To begin with, Trixie thought we were going to do something with flying dragons--she reached into the puppet bag for a dragon marionette (one of the goals was to introduce the students to various kinds of puppets). It took a while to convince Trixie that we were going to talk about dragonflies, not flying dragons and not dragon's flies.
Even the school therapy dog got in on the residency today. She got some good pats while I was talking.
I asked the kids what they knew about Monarch butterflies, because another goal was to underline what they already knew and to compare butterflies with dragonflies, in preparation for their trip to the Baker Wetlands.
The students knew quite a bit about butterflies. Some of them mentioned metamorphosis, some talked about how the males have black spots on their wings, others brought up the fact that they're poisonous to birds. They knew the stages of the lifecycle and what happens in the chrysalis.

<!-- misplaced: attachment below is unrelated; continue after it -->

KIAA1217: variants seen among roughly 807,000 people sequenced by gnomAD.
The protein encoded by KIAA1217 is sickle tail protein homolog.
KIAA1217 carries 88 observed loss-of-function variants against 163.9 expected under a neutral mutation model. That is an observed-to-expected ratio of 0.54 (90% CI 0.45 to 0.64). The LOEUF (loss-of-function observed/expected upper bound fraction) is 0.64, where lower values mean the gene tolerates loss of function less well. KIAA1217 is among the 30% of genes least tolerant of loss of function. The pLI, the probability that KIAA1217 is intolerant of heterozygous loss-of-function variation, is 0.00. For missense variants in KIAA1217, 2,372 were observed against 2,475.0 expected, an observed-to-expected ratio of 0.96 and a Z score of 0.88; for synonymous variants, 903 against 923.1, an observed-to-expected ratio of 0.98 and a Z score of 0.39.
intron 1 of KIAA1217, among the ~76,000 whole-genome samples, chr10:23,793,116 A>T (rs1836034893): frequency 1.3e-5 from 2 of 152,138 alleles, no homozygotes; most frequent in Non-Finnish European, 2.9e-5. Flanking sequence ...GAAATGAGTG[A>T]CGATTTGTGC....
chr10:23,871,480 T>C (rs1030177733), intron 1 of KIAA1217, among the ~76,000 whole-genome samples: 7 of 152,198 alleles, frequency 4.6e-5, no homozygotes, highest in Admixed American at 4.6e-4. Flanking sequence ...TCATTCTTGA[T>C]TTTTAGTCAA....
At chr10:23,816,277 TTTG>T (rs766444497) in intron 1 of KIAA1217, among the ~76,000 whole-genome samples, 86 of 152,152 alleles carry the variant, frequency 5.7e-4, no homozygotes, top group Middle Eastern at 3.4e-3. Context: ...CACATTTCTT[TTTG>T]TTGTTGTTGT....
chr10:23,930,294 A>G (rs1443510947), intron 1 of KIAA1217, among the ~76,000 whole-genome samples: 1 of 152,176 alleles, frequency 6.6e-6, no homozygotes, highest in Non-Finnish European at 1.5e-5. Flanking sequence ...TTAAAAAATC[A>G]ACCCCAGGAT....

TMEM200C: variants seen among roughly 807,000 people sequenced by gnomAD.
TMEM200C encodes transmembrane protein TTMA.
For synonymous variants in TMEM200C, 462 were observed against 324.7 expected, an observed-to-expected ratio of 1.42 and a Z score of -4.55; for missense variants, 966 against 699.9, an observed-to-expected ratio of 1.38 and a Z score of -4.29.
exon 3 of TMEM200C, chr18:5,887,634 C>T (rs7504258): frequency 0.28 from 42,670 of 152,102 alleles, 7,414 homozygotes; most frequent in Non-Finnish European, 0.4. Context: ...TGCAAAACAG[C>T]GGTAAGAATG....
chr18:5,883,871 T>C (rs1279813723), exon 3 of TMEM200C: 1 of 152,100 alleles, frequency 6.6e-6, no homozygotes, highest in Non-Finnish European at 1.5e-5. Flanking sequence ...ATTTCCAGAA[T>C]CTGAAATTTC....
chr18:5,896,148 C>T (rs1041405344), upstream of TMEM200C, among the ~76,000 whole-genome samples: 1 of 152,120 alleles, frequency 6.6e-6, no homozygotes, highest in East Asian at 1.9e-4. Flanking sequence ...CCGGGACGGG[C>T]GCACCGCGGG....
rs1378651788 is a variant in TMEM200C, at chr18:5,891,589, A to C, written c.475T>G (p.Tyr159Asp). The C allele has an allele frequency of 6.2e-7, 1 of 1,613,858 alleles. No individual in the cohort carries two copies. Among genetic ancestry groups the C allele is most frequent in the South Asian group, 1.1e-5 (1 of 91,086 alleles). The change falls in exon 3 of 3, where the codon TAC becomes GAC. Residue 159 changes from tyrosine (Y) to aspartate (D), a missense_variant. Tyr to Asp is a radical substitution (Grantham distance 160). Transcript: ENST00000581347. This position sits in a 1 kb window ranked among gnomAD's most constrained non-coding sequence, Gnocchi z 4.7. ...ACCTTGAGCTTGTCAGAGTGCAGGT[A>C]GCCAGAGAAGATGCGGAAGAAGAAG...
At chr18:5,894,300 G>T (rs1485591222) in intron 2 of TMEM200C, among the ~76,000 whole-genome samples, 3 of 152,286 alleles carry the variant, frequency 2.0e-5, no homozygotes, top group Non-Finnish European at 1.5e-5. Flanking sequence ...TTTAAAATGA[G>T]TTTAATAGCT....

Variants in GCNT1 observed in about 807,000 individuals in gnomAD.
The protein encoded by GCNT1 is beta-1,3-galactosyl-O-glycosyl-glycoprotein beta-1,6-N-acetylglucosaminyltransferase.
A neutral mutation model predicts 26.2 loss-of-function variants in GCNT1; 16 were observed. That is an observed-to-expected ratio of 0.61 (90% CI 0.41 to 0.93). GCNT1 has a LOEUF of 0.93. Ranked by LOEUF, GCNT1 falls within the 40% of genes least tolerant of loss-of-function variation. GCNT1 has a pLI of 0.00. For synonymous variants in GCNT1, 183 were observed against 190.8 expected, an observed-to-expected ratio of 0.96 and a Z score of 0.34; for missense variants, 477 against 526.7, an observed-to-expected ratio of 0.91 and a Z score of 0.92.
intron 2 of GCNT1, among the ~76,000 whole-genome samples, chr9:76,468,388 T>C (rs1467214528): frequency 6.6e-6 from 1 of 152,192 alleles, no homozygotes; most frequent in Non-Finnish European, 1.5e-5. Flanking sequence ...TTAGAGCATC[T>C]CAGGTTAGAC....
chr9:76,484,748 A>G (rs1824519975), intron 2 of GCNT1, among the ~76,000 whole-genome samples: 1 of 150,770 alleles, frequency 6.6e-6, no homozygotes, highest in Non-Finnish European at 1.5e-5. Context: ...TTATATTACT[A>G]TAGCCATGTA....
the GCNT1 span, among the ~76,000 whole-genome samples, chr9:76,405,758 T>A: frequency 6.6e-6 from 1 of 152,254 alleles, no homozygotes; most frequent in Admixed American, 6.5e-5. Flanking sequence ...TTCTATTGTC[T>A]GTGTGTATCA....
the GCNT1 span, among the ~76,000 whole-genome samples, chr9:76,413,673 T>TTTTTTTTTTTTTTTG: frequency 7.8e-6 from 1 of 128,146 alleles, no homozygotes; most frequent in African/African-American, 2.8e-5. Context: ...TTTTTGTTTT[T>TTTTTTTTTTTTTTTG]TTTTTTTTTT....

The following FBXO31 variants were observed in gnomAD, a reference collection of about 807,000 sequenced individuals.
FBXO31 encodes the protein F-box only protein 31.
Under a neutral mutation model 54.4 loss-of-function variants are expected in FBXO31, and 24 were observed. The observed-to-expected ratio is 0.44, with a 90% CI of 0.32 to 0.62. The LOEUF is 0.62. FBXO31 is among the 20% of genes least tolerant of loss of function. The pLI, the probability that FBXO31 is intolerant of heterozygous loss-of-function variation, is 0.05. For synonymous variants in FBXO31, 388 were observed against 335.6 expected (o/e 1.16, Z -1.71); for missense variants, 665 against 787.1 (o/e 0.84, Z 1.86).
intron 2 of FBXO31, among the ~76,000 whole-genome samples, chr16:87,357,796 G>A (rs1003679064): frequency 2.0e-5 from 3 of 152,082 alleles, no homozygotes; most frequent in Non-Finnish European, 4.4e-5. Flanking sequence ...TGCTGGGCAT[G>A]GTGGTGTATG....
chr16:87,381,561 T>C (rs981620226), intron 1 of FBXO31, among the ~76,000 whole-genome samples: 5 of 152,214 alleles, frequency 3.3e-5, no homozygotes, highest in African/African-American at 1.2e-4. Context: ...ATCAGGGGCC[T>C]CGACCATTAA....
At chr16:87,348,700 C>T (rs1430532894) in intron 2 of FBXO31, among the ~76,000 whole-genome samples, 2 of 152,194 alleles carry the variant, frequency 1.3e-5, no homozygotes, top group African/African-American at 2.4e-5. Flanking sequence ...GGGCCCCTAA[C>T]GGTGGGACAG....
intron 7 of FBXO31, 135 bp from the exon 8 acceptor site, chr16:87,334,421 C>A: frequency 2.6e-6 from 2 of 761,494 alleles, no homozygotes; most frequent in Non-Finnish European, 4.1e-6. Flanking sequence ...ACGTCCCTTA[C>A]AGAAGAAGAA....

From there, I brought out two of my dragonfly fingerpuppets and showed the lifecycle (another key concept) from egg to nymph to adult. The kids had made their own puppets and so we all practiced zipping, zooming and hovering. Oh, and eating mosquitoes from our other hands.
We played with having our puppets nod and shake their heads. We played with different voices and the importance of keeping in character.
I showed the spider glove puppet and we sang "Poor little bug on the wall" together with different emotions so they'd get the idea of conveying various moods with their puppets.
The sessions were extremely participatory, with lots of questions and answers. I'll meet with the 2nd graders again in November, after they visit the Wetlands and before they go to the Mermaid Puppet Theatre show of "The Very Hungry Caterpillar." More on that when it happens!